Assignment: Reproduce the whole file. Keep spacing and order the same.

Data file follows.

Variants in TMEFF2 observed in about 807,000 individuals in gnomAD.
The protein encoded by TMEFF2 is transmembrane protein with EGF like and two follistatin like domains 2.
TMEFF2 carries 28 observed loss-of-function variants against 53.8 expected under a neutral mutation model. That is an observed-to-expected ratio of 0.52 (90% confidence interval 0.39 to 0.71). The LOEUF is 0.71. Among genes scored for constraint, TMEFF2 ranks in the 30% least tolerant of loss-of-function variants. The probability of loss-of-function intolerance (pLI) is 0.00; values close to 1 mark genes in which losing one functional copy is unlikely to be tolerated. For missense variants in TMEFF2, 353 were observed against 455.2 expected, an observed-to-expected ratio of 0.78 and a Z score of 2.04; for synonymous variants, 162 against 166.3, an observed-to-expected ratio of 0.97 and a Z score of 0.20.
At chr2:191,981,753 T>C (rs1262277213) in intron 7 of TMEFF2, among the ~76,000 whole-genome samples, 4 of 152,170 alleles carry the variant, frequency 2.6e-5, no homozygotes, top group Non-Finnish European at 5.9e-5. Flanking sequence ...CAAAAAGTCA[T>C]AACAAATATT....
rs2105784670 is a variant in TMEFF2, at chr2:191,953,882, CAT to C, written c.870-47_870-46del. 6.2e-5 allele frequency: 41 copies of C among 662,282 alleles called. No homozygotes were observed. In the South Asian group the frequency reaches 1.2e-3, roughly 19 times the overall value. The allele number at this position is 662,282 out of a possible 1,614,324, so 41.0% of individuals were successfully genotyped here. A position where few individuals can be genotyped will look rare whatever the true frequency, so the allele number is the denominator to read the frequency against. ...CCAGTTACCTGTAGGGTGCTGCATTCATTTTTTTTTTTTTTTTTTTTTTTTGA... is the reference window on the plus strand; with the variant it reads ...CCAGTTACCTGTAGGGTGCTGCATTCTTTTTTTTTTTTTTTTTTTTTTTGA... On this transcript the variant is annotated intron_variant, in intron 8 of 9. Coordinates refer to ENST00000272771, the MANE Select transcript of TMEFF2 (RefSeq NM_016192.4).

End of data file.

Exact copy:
Variants in TMEFF2 observed in about 807,000 individuals in gnomAD.
The protein encoded by TMEFF2 is transmembrane protein with EGF like and two follistatin like domains 2.
TMEFF2 carries 28 observed loss-of-function variants against 53.8 expected under a neutral mutation model. That is an observed-to-expected ratio of 0.52 (90% confidence interval 0.39 to 0.71). The LOEUF is 0.71. Among genes scored for constraint, TMEFF2 ranks in the 30% least tolerant of loss-of-function variants. The probability of loss-of-function intolerance (pLI) is 0.00; values close to 1 mark genes in which losing one functional copy is unlikely to be tolerated. For missense variants in TMEFF2, 353 were observed against 455.2 expected, an observed-to-expected ratio of 0.78 and a Z score of 2.04; for synonymous variants, 162 against 166.3, an observed-to-expected ratio of 0.97 and a Z score of 0.20.
At chr2:191,981,753 T>C (rs1262277213) in intron 7 of TMEFF2, among the ~76,000 whole-genome samples, 4 of 152,170 alleles carry the variant, frequency 2.6e-5, no homozygotes, top group Non-Finnish European at 5.9e-5. Flanking sequence ...CAAAAAGTCA[T>C]AACAAATATT....
rs2105784670 is a variant in TMEFF2, at chr2:191,953,882, CAT to C, written c.870-47_870-46del. 6.2e-5 allele frequency: 41 copies of C among 662,282 alleles called. No homozygotes were observed. In the South Asian group the frequency reaches 1.2e-3, roughly 19 times the overall value. The allele number at this position is 662,282 out of a possible 1,614,324, so 41.0% of individuals were successfully genotyped here. A position where few individuals can be genotyped will look rare whatever the true frequency, so the allele number is the denominator to read the frequency against. ...CCAGTTACCTGTAGGGTGCTGCATTCATTTTTTTTTTTTTTTTTTTTTTTTGA... is the reference window on the plus strand; with the variant it reads ...CCAGTTACCTGTAGGGTGCTGCATTCTTTTTTTTTTTTTTTTTTTTTTTGA... On this transcript the variant is annotated intron_variant, in intron 8 of 9. Coordinates refer to ENST00000272771, the MANE Select transcript of TMEFF2 (RefSeq NM_016192.4).